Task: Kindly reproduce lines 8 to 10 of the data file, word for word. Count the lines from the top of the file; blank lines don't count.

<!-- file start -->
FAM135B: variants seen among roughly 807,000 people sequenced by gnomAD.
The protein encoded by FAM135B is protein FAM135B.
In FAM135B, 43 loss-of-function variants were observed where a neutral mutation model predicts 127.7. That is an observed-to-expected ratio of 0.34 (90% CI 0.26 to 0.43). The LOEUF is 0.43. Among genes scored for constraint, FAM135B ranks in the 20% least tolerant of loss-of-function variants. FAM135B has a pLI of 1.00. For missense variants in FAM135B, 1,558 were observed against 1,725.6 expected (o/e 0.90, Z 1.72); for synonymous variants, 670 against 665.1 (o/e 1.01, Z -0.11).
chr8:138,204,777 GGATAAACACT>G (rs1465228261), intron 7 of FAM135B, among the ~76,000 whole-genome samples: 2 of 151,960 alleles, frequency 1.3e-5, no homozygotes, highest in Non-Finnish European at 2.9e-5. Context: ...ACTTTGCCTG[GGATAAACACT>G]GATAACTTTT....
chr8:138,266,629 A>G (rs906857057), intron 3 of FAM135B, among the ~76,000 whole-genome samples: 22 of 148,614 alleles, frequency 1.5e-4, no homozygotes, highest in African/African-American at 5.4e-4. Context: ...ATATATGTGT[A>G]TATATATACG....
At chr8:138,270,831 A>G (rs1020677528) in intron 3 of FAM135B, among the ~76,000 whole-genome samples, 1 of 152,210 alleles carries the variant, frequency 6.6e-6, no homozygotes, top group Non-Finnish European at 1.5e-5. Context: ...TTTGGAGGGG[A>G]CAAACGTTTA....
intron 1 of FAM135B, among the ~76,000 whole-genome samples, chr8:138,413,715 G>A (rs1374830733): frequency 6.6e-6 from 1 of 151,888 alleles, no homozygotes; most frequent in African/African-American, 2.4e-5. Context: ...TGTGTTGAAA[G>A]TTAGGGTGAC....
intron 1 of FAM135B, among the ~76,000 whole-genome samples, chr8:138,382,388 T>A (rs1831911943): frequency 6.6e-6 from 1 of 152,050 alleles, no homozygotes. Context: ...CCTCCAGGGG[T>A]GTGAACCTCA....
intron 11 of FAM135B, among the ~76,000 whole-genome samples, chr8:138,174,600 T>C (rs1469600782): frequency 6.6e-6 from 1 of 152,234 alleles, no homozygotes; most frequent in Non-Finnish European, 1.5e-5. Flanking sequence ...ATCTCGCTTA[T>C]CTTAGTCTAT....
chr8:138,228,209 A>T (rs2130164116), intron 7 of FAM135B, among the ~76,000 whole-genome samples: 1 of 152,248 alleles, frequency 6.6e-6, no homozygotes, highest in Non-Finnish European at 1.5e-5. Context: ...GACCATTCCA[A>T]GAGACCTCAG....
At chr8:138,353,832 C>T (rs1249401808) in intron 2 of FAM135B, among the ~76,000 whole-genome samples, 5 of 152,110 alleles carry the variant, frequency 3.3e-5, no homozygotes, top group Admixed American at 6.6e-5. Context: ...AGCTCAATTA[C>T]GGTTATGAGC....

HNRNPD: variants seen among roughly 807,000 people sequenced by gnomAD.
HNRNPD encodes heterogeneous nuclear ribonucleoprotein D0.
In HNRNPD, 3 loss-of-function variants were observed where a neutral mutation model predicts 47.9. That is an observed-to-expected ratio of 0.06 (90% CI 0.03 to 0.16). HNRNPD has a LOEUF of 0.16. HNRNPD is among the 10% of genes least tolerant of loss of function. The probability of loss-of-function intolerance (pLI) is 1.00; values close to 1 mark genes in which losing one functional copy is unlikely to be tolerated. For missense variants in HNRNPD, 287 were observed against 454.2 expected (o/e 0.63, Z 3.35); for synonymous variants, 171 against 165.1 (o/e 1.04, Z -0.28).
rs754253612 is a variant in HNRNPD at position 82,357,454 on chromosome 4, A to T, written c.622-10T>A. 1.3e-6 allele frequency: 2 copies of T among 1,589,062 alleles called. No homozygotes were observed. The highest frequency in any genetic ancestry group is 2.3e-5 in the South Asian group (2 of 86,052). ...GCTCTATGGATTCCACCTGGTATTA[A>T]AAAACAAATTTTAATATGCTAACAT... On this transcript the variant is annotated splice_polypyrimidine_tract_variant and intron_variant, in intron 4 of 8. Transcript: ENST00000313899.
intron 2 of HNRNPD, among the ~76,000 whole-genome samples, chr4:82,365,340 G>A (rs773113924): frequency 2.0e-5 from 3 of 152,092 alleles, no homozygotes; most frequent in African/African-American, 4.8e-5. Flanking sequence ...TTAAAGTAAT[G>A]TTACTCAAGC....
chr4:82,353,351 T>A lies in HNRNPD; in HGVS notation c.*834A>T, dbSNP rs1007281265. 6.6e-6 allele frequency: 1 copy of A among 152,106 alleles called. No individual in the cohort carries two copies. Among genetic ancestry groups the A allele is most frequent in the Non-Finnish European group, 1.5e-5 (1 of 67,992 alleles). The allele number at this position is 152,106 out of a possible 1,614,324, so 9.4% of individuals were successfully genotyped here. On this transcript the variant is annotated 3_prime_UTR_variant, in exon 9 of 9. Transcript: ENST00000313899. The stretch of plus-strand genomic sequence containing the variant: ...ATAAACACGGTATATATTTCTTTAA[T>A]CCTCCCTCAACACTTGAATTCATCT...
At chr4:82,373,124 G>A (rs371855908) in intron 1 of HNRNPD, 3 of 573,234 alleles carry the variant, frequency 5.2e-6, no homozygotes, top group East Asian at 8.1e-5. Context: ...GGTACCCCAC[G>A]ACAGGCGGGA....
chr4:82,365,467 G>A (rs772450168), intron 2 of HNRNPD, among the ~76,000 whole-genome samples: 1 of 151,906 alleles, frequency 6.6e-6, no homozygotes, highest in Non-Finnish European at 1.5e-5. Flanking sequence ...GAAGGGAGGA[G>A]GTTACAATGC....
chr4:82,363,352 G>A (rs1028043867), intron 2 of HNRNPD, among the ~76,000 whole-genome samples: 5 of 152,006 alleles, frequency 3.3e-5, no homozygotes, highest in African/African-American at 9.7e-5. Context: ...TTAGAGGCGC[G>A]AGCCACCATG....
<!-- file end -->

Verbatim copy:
intron 1 of FAM135B, among the ~76,000 whole-genome samples, chr8:138,382,388 T>A (rs1831911943): frequency 6.6e-6 from 1 of 152,050 alleles, no homozygotes. Context: ...CCTCCAGGGG[T>A]GTGAACCTCA....
intron 11 of FAM135B, among the ~76,000 whole-genome samples, chr8:138,174,600 T>C (rs1469600782): frequency 6.6e-6 from 1 of 152,234 alleles, no homozygotes; most frequent in Non-Finnish European, 1.5e-5. Flanking sequence ...ATCTCGCTTA[T>C]CTTAGTCTAT....
chr8:138,228,209 A>T (rs2130164116), intron 7 of FAM135B, among the ~76,000 whole-genome samples: 1 of 152,248 alleles, frequency 6.6e-6, no homozygotes, highest in Non-Finnish European at 1.5e-5. Context: ...GACCATTCCA[A>T]GAGACCTCAG....